Wisconsin Presidential Recount In 4th Day, With Few Changes
Wisconsin's partial presidential recount entered its fourth day Monday, with very few changes in vote totals as President Donald Trump's attorneys appeared to be focused on a legal challenge seeking to toss tens of thousands of ballots, including the one cast by an attorney for the campaign.
Democrat Joe Biden won the state by about 20,600 votes and his margin in Milwaukee and Dane counties was about 2-to-1. Those are the only counties where Trump paid to have a recount.
Trump's attorneys have objected to counting any absentee ballots where voters identified themselves as “indefinitely confined;” where information on the certification envelope is in two different ink colors, indicating a poll worker may have helped complete it; and where there is not a separate written record for it having been requested, including all in-person absentee ballots.
All of those ballots were being counted during the recount, but could be targeted as part of a Trump legal challenge.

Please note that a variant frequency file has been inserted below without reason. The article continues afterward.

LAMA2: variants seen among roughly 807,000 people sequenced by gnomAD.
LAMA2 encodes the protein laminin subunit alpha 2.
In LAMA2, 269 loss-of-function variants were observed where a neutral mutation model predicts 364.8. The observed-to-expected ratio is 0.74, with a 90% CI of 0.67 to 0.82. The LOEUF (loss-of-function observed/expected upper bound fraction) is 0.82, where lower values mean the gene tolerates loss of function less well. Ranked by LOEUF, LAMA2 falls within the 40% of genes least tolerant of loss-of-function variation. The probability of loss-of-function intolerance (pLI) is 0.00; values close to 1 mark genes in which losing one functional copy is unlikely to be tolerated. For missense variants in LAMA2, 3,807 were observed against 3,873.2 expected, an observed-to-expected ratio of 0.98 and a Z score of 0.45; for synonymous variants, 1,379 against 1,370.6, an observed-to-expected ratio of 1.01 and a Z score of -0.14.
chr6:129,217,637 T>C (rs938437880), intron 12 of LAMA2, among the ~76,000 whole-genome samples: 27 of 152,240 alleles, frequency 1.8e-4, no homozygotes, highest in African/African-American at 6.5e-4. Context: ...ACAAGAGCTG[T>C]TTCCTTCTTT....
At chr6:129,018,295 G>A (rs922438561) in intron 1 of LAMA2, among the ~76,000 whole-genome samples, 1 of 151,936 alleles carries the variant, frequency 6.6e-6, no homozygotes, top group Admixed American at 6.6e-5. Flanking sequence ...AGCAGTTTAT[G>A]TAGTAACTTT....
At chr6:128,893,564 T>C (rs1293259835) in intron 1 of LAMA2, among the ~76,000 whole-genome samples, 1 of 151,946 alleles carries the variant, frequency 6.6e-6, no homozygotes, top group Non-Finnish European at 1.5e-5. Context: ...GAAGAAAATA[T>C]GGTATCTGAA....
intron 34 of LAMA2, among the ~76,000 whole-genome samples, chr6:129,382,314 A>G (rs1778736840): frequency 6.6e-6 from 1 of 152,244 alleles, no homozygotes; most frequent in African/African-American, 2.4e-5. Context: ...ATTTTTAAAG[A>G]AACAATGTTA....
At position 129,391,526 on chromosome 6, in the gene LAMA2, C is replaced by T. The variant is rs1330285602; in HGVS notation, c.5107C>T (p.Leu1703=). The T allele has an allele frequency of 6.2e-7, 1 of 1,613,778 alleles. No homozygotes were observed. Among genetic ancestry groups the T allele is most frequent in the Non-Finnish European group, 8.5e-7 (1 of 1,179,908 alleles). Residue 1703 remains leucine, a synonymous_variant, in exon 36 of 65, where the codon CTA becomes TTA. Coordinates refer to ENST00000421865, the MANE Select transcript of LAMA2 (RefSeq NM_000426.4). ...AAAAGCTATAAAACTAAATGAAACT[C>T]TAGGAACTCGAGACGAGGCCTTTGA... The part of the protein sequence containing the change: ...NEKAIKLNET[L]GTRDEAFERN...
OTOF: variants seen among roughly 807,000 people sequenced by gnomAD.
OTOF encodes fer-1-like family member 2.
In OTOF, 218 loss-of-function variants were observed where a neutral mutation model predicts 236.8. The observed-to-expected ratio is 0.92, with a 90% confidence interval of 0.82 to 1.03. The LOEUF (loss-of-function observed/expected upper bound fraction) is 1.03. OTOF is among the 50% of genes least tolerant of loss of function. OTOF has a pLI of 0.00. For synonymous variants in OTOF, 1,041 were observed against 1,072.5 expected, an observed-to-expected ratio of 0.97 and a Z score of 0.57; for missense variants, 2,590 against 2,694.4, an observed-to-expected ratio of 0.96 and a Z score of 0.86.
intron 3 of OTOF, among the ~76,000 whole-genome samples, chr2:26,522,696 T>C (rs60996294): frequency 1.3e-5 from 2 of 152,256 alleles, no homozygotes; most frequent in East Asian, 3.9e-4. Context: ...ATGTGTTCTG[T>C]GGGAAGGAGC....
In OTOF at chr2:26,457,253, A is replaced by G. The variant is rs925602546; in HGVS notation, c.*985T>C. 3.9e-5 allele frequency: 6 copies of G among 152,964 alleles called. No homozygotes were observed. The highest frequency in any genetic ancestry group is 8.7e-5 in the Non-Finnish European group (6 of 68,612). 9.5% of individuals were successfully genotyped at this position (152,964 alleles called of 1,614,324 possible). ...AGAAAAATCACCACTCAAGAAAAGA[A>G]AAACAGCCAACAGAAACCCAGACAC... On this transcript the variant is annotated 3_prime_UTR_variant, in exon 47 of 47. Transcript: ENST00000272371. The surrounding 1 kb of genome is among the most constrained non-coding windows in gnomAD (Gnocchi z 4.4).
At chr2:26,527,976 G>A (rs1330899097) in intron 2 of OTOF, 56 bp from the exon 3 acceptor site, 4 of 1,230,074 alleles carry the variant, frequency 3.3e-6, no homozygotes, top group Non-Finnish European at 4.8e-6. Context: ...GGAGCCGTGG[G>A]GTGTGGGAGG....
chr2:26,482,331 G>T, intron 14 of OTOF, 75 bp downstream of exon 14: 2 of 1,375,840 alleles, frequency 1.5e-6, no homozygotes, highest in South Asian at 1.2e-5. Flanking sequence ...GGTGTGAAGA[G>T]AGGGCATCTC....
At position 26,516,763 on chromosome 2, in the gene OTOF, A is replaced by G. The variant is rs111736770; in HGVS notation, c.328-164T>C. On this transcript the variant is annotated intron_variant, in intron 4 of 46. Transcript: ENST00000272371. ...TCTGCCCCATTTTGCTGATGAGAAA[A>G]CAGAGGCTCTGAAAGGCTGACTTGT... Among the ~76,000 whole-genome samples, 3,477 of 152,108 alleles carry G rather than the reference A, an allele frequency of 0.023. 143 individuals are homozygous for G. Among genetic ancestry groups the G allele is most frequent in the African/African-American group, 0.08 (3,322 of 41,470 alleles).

Discarding ballots as requested by Trump's campaign would result in Trump’s Wisconsin’s attorney, Jim Troupis, having his ballot not count, the Milwaukee Journal Sentinel reported. Troupis, a former Dane County judge, voted early using the state’s in-person absentee option along with his wife. They were both listed on exhibits Troupis presented to the Dane County Board of Canvassers on Sunday that the Trump campaign argued had voted illegally.
Troupis did not immediately respond to a text message Monday seeking comment.
Dane County Clerk Scott McDonell said Monday that the recount was nearly 25% done in that county, with nearly 83,000 ballots out of more than 345,000 cast having been recounted. Those recounted so far in both counties showed changes of only a handful of votes from what was reported on election night.
“It seems to be picking up,” McDonell said of the recount. “We're a little bit behind scheduled but not a lot behind schedule.”
Milwaukee County had hoped to be done by Wednesday, but due to delays caused by objections raised by Trump supporters the work is expected to go closer to the Dec. 1 deadline for completion.